Where does Essential Noir fall in in all of this?
Our heart and soul are in Slow Fashion. We see the importance of Ethical Fashion and aim to be as Sustainable as possible. We are very much a Conscious Fashion brand.
We are very much the definition of Slow Fashion above. We don’t produce Fast Fashion or trend led seasonal collections but instead focus on quality and timeless designs. Creating items made to last.
For us it is very important to manufacture locally and to know who makes the product. We very much believe in paying a fair price for the work and want to support local jobs and communities through local manufacturing. As a small independent brand we use small UK manufacturing units that we can visit and have a good relationship with. We do still have work to do on the transparency on this so that we can call ourselves truly ethical with the data on hand to back it up.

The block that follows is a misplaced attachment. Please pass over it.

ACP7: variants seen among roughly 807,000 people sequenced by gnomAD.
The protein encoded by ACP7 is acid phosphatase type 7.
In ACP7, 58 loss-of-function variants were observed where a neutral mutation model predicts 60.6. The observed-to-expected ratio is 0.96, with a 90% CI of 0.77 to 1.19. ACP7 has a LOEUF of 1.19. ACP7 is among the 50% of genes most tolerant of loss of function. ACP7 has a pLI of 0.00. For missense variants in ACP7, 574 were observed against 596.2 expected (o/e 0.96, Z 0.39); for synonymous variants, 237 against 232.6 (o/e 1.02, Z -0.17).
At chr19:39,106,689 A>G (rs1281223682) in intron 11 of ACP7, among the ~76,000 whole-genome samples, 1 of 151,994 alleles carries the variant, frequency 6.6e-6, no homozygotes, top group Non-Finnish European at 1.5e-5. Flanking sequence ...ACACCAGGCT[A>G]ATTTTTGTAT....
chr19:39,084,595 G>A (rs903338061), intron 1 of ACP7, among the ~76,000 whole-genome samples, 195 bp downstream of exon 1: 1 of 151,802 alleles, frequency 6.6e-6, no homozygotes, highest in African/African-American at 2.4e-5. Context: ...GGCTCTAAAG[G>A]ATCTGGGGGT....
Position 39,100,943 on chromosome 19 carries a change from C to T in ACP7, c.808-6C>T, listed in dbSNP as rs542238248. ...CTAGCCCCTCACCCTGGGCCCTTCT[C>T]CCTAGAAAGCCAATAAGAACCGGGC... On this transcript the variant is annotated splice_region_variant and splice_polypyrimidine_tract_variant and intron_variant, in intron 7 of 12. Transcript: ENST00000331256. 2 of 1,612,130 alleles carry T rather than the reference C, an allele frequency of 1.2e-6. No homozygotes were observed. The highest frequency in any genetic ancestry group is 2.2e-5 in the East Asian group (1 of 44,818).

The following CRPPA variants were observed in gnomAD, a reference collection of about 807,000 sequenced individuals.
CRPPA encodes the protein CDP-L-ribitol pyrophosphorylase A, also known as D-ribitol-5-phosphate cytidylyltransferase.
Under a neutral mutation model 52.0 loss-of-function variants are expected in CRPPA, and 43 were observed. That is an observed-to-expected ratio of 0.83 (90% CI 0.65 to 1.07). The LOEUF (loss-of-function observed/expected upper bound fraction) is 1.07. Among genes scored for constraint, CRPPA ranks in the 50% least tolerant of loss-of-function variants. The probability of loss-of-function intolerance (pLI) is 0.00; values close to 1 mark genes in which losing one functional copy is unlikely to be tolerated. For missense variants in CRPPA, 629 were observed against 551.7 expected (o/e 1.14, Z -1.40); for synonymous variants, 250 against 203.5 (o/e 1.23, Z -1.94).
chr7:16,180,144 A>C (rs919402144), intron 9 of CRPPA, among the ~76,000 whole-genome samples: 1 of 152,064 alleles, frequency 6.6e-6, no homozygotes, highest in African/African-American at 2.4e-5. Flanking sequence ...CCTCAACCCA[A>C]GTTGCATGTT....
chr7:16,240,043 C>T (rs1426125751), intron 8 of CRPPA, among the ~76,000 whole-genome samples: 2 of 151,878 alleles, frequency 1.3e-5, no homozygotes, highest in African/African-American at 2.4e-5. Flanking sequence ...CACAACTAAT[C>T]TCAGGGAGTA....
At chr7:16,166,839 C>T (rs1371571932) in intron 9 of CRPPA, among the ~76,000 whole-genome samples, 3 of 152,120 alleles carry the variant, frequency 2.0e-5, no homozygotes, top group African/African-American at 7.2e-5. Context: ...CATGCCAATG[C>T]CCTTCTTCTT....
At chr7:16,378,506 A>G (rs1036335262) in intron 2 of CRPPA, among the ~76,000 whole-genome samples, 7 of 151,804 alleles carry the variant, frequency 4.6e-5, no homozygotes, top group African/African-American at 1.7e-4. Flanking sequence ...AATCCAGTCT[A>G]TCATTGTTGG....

Our Fashion Essentials tops are made using the Lenzing Modal Yarn. This yarn is knitted into fabric in Leicestershire, UK. And although when it comes to fashion there is no such thing as completely impact free way of producing fabric and garments – Lenzing is pretty amazing with the way their system works. You can read more via the link above. Local manufacturing allows us to leave a smaller carbon footprint. And focusing on slow fashion does mean that we are producing less new items which we encourage people to look after well and wear for longer. We are also working on changing our packaging in the future to be better for the environment. We don’t claim to be fully sustainable but are mindful of the issues around fashion and sustainability – and are working to be the best we can.
All of the above makes us a Conscious Fashion Brand. We also buy already existing end-of-roll fabrics to re-use in our Limited Edition Collection. Putting them into good use rather than ending up in landfills.